The following highlights recent news of state actions on human embryonic stem cell research.

Florida: State Rep. Franklin Sands (D) on Tuesday filed a bill (HB 555) that would require the state to provide at least $20 million annually over the next 10 years for research using human embryonic stem cells, amniotic fluid-derived stem cells and adult stem cells, the AP/Sarasota Herald Tribune reports (Royse, AP/Sarasota Herald Tribune, 1/23). The bill would require formation of a Stem Cell Research Advisory Council and Biomedical Ethics Advisory Council to regulate research procedures and enforce ethical guidelines. It also would prohibit "certain acts" relating to human reproductive cloning or the purchase or sale of embryonic fetal tissue for research purposes (HB 555 text, 1/23). Gov. Charlie Crist (R) supports the measure and has said it is one of his budget priorities. Similar legislation was proposed last year in the state Legislature but failed to reach a floor vote. Senate President Ken Pruitt (R) said he personally supports the bill but would not push the members on how to vote. House Speaker Marco Rubio (R) opposes the measure but has said he would not urge members to vote against it (AP/Sarasota Herald Tribune, 1/23).

Iowa: Gov. Chet Culver (D) on Thursday called on the state Legislature to lift the state's five-year-old ban on a type of embryonic stem cell research called somatic nuclear transfer and proposed the construction of a $12.5 million Center for Regenerative Medicine, the Omaha World Herald reports (Hansen, Omaha World Herald, 1/26). Somatic cell nuclear transfer is conducted by inserting the genetic material from a patient's cell -- usually from a skin cell -- into an unfertilized egg from another person. The patient's genetic material combines with the egg and causes it to develop into an embryo that is a genetic match to the skin cell patient (Kaiser Daily Women's Health Policy Report, 12/20/06). The ban was signed into law by former Gov. Tom Vilsack (D) in 2002. Vilsack last year called for a repeal of the ban, saying science had evolved since he had signed the measure. Culver said the ban has put Iowa at a disadvantage with other states where universities were pursuing embryonic stem cell research. According to Culver aides, the Center for Regenerative Medicine would be located at the University of Iowa and would be funded with $2.5 million from the current budget and $10 million from the budget for the fiscal year that begins in July (Beaumont, Des Moines Register, 1/25).

Missouri: Some lawmakers have criticized Gov. Matt Blunt's (R) proposed $21.4 billion budget because they say it would restrict money under the state's life sciences trust fund to support plant and animal sciences research and would not go toward embryonic stem cell research, the AP/Belleville News-Democrat reports. Money from the life sciences trust fund comes from a portion of the state's the national tobacco settlement and supports research done in conjunction with other governmental and not-for-profit organizations. The fund, for which Blunt requested $35.7 million, is distributed by a seven-member board appointed by the governor, the AP/News-Democrat reports. The fund is barred from supporting research on human cloning and abortion. Last year was the first year money from the fund could be appropriated; however, state legislators withheld the money because of financial worries and concerns that the money could support embryonic stem cell research. A spokesperson for the governor said the debate over embryonic stem cell research was not a factor in Blunt's budget proposal (Blank, AP/Belleville News-Democrat, 1/25).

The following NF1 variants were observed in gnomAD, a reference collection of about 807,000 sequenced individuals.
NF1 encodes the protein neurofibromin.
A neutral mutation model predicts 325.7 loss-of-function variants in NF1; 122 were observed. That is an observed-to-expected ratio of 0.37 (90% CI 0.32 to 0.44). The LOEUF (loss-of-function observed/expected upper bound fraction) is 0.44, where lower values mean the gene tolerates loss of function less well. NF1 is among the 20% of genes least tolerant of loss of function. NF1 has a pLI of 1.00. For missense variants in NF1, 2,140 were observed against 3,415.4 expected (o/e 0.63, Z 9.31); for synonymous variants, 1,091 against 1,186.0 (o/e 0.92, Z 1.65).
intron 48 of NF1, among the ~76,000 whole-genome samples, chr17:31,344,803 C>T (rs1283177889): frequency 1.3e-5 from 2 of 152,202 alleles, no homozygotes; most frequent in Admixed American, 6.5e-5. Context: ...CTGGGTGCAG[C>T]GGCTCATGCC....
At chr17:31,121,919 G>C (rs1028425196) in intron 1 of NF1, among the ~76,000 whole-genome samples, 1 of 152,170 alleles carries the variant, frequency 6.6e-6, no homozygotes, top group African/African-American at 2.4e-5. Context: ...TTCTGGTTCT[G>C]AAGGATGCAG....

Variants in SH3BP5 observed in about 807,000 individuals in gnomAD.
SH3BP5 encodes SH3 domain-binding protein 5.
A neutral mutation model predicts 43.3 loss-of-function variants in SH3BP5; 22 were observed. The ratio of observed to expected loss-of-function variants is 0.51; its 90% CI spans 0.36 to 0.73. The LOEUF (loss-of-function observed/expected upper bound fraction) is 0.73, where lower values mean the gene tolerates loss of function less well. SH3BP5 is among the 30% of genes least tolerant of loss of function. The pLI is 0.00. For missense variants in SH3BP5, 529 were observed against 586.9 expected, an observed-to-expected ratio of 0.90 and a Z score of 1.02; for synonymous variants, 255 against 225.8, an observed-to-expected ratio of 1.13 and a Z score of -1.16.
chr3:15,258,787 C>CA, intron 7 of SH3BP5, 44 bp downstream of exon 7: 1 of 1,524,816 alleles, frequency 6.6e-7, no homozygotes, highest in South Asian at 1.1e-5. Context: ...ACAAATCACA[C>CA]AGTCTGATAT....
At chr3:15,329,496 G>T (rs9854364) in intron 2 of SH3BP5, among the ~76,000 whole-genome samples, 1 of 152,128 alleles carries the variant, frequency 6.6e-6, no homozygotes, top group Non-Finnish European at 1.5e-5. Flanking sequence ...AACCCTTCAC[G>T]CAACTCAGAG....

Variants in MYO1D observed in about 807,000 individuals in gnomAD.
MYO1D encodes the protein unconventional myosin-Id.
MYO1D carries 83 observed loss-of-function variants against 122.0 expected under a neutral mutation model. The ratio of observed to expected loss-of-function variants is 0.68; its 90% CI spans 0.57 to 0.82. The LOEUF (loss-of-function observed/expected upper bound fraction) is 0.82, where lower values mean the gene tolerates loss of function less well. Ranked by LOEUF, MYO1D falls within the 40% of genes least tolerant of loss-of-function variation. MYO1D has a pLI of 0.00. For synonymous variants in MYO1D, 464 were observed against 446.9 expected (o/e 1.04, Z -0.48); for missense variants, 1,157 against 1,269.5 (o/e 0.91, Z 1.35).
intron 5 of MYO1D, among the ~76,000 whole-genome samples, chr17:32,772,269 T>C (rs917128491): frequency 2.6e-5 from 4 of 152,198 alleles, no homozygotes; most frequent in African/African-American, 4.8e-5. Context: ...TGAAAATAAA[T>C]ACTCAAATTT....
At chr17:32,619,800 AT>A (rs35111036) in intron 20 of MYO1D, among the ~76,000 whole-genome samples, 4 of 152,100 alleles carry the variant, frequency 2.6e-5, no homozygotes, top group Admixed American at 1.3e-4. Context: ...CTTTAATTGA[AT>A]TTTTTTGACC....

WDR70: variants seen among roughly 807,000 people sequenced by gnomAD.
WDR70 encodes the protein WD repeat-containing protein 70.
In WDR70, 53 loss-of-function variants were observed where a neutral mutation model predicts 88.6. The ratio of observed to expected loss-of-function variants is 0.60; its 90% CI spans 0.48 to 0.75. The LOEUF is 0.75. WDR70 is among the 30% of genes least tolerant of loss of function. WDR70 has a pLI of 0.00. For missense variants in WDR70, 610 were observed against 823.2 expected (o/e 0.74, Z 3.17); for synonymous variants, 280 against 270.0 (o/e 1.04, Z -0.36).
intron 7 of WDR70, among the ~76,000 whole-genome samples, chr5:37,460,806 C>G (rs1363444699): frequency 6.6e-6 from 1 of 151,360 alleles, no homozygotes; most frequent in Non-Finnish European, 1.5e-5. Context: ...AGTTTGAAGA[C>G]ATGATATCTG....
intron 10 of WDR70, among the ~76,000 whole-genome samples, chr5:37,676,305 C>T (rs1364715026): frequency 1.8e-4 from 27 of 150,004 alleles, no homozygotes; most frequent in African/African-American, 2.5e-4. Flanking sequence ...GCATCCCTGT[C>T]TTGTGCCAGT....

New Mexico: The state's three Roman Catholic bishops on Thursday met with Gov. Bill Richardson (D) to urge him to reconsider his plans to use state funds to support embryonic stem cell research, the Alamogordo Daily News reports. Richardson earlier this month submitted to the state Legislature a budget that includes a one-time $3.8 million funding request and $2.2 million in annual funding to build a facility for stem cell research (Rubel, Alamogordo Daily News, 1/26). Richardson, who is running for the Democratic presidential nomination, has proposed providing $10 million over three years on facilities, equipment, training and staffing for an adult and embryonic stem cell research center at the University of New Mexico Health Sciences Center. By using state funds to build the facility, New Mexico would bypass a federal ban on conducting embryonic stem cell research in spaces built with federal funds, according to the AP/Santa Fe New Mexican. The bishops said they oppose embryonic stem cell research but would support research using adult or amniotic fluid stem cells (Baker, AP/Santa Fe New Mexican, 1/26). "To use the stem cells of the embryo, from something that is already human life, then we would be totally against that," Bishop Ricardo Ramirez of Las Cruces, N.M., said. Archbishop Michael Sheehan of Santa Fe, N.M., said, "We hope that there wouldn't be money used to develop the research that is ethically problematic." Richardson will consider the bishops' concerns, Gilbert Gallegos, a spokesperson for the governor, said (Alamogordo Daily News, 1/26).

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